MOSCOW -- In a direct confrontation with Soviet President Mikhail S. Gorbachev, Boris N. Yeltsin and the leadership of the Russian Federation officially warned the Soviet parliament yesterday not to grant the emergency powers requested by Mr. Gorbachev.
In an emotional speech Friday, Mr. Gorbachev asked for the power to override existing law in connection with the planned transition to a market economy.
But Russian Federation officials, citing Mr. Gorbachev's statement that he might have to dissolve some elected bodies, expressed fear that he could use special powers to dissolve the Russian parliament and impose direct presidential rule in the largest of the 15 Soviet republics.
"Of course he had in mind the Russian parliament," Nikolai I. Travkin, a deputy to both the national and Russian parliaments, told Russian legislators.
Russian deputy and legal expert Sergei M. Shakhrai told his colleagues: "If direct presidential rule is imposed for the Russian Federation, for us that will mean the dissolution of the Supreme Soviet of the Russian Federation."
The Russian Supreme Soviet, or parliament, discussed the wording of a warning on Mr. Gorbachev's request for emergency powers but lacked the quorum to pass it. As a result, the warning was issued last night in a statement from the presidium of the Russian Supreme Soviet, which is chaired by Mr. Yeltsin.
Mr. Yeltsin signed the statement after leaving a Moscow hospital where he had been under observation after suffering a mild concussion in a car accident Friday. He complained that he was having trouble with his vision but promised to be up to full strength soon.
The Russian leadership's statement called the emergency powers requested by Mr. Gorbachev "impermissible."
If the powers are nonetheless granted, the statement continued, the Russian leadership "will take all necessary measures to protect the sovereignty and the constitutional system of the Russian Federation."
The clash is the latest, and potentially most serious, of several conflicts between Mr. Gorbachev and Mr. Yeltsin since the latter assumed the Russian presidency in May.
Tens of thousands of demonstrators and the Russian parliament have demanded the resignation of the government of Soviet Prime Minister Nikolai I. Ryzhkov. Much of the nation's harvest lies rotting in the fields, as officials try to mobilize soldiers, students and factory workers to bring it in. Many Muscovites say food stores, usually decently supplied at this time of year, are emptier now than at any time in recent years.
Because the Russian Federation accounts for just over half the Soviet population and two-thirds of Soviet territory, the overlapping responsibility of the Russian and Soviet leadership inevitably creates conflicts. Moreover, Mr. Gorbachev and Mr. Yeltsin have a complex personal relationship, appearing to be allies in the reformist cause one day and rivals for power the next.
Their earlier conflicts, over the banking system, over control of oil, gold and other natural wealth on Russian territory and over plans for economic reform, were resolved after a five-hour meeting of the two men last month.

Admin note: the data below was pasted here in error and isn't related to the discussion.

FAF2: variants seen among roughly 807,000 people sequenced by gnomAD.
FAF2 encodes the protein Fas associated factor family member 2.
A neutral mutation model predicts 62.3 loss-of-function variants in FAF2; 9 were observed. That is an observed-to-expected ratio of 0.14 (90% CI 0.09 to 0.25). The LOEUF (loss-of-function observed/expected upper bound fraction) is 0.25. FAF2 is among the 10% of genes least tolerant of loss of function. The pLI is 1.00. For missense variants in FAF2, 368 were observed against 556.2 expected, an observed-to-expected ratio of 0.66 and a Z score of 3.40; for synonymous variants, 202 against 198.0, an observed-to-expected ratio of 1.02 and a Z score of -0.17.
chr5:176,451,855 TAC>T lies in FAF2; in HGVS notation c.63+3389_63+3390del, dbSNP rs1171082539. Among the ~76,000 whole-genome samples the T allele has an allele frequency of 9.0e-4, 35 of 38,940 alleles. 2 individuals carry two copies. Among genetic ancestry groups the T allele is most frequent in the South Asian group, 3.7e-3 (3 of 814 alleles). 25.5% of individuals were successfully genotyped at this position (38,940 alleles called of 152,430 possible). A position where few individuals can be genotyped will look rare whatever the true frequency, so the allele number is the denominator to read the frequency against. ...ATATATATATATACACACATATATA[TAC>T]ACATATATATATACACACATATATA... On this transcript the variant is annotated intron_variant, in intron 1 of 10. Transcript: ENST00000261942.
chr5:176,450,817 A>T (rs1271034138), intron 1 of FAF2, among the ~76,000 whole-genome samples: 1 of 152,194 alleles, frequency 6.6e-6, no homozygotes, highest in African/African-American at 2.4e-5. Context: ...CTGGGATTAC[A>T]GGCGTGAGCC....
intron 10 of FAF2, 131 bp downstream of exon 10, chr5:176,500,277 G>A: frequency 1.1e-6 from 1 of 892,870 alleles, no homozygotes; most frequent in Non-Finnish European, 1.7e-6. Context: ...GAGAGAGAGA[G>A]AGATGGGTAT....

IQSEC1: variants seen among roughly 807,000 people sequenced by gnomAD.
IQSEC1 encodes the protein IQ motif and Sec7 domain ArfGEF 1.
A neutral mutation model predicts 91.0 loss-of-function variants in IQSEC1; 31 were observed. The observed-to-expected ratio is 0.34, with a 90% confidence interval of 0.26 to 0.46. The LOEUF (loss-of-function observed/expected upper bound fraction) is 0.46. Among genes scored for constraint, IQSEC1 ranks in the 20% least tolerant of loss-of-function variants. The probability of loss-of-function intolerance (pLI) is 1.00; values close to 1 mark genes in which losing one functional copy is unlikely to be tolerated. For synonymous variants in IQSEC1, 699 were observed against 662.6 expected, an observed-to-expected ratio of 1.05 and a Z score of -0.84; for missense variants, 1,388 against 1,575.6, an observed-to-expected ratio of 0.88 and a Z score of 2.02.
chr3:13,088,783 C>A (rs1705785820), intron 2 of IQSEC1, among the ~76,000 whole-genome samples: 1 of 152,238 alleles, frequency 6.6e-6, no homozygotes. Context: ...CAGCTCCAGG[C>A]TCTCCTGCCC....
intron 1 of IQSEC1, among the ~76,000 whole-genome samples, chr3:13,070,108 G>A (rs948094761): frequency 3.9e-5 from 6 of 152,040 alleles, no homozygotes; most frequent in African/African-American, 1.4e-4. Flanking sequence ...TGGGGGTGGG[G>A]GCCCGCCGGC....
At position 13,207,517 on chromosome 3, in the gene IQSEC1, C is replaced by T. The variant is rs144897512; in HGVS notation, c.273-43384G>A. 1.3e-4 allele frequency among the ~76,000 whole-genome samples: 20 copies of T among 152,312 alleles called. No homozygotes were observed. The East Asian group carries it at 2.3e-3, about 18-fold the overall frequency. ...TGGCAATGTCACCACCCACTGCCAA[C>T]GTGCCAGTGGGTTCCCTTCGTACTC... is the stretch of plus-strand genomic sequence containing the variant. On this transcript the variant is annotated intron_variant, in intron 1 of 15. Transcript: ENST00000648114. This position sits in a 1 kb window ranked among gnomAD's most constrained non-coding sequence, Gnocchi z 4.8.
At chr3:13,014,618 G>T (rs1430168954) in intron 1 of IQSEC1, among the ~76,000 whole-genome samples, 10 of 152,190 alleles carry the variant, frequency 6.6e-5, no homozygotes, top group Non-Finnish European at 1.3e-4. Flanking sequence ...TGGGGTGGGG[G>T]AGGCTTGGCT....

The latest clash may prove harder to smooth over. Mr. Gorbachev appeared angry and determined in his speech Friday, and he clearly believes that firm central control is a necessary precondition for economic reform.
"It was the first time I'd ever seen the president in such an excited state," Mr. Travkin remarked yesterday. "And it seemed to me that I was seeing for the first time a fully candid president."
Yet Mr. Yeltsin has been unwavering in his defense of both Russian sovereignty and the country's newborn democracy. His popularity is unquestionably greater than Mr. Gorbachev's at the moment, and a prolonged confrontation could seriously undermine Mr. Gorbachev's political standing.
The Russian statement, in addition to warning Mr. Gorbachev that he should not assume the emergency powers, suggested that the Soviet president, the Soviet parliament and officials of all 15 republics should "urgently work out and adopt coordinated measures for the stabilization of the economic and political situation in the country, based on mutual recognition of the sovereignty and constitutional system in each of the republics."
The powers Mr. Gorbachev is requesting are vaguely defined, which has led to considerable confusion in deputies' debate.
The draft decree discussed Friday by the U.S.S.R. Supreme Soviet appears to give the president the right to override existing law and make new law, as long as the measures are related to the economy and do not contradict the Soviet Constitution. The Supreme Soviet would have the right to cancel any act of the president with which it disagreed.
Deputies tied the emergency powers request with the question of dissolving parliaments because Mr. Gorbachev raised the possibility Friday that he would "have to take action and impose presidential rule and stop the activity of all organs, including elective ones."
He added for emphasis: "We've reached the situation where if we have to do that, we will."
Most deputies of the U.S.S.R. Supreme Soviet appeared ready to approve the additional powers Friday, but again too many deputies had left to permit a quorum. Mr. Travkin predicted that the special powers would be approved tomorrow.